# Find the Center of Rotation

A *rotation* is a transformation in which the pre-image figure rotates or spins to the location of the image figure. With all rotations, there’s a single fixed point—called the *center of rotation*—around which everything else rotates.

This point can be inside the figure, in which case the figure stays where it is and just spins. Or the point can be outside the figure, in which case the figure moves along a circular arc (like an orbit) around the center of rotation. The amount of turning is called the *rotation angle.*

The easiest way to understand this is by doing a problem: In the following figure, pre-image triangle *ABC* has been rotated to create image triangle *A’B’C’*. Find the center of rotation.

To begin, take the three segments that connect pre-image points to their image points (in this case, line *AA’*, line *BB’, *and line *CC’*). In all rotations, the center of rotation lies at the intersection of the perpendicular bisectors of such segments. Because the three perpendicular bisectors meet at the same point, you need only two of them to find the point of intersection. Any two will work, so find the perpendicular bisectors of lines *AA’* and *BB’*; then you can set their equations equal to each other to find where they intersect.

First get the midpoint of line *AA’*:

Then find the slope of line *AA’*:

The slope of the perpendicular bisector of line *AA’* is the opposite reciprocal of –9/2, namely 2/9. The point-slope form for the perpendicular bisector is thus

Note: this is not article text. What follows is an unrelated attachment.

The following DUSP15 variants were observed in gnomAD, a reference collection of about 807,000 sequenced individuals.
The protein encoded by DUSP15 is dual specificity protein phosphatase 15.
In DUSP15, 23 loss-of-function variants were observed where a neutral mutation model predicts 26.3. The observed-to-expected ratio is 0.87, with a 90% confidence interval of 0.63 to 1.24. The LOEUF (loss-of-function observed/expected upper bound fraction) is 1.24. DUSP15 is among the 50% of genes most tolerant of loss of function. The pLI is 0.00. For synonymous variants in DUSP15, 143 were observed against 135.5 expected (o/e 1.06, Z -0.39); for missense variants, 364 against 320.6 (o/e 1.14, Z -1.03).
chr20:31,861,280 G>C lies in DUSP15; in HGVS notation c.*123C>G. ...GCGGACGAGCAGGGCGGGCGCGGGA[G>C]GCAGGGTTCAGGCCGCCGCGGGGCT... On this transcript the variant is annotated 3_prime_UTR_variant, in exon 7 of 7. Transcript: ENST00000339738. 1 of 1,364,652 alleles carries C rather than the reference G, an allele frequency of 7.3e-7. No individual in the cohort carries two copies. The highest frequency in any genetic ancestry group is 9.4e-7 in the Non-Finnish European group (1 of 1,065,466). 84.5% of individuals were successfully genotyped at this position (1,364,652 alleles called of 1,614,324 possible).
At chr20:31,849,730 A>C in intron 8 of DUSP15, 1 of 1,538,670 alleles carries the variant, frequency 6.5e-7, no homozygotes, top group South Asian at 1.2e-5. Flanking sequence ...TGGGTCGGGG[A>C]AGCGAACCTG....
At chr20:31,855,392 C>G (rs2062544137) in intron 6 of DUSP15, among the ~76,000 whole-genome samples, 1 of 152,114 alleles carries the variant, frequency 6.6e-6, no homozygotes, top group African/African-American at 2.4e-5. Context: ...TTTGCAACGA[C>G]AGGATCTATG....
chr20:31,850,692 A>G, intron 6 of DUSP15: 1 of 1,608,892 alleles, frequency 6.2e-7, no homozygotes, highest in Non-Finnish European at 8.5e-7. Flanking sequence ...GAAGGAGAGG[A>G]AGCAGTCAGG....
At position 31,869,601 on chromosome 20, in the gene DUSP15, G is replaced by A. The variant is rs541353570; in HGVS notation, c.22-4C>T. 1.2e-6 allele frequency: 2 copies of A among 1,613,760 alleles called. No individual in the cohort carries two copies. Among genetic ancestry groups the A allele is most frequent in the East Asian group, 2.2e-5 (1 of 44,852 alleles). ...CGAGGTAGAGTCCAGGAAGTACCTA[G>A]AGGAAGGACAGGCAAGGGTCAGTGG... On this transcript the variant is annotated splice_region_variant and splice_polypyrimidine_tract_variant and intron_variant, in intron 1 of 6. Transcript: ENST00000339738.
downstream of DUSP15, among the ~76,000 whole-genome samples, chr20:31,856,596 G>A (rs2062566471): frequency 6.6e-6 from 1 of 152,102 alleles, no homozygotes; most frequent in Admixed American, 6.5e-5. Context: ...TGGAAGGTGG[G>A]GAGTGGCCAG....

Go through the same process to get the perpendicular bisector of line *BB’*:

The slope of the perpendicular bisector of line *BB’* is the opposite reciprocal of –9/5, which is 5/9. The equation of the perpendicular bisector is thus

Now, to find where the two perpendicular bisectors intersect, set the right sides of their equations equal to each other and solve for *x*:

Multiply both sides by 9 to get rid of the fractions; then divide:

Plug –10 back into either equation to get *y*:

You’ve done it. The center of rotation is

Give this point a name—how about point *Z*?

The following figure shows point *Z*, angle *AZA’*, and a little counterclockwise arrow that indicates the rotational motion that would move triangle ABC to triangle *A’B’C’.* If you hold *Z* where it is and rotate the image counterclockwise, triangle *ABC* will spin to where triangle *A’B’C’* is now.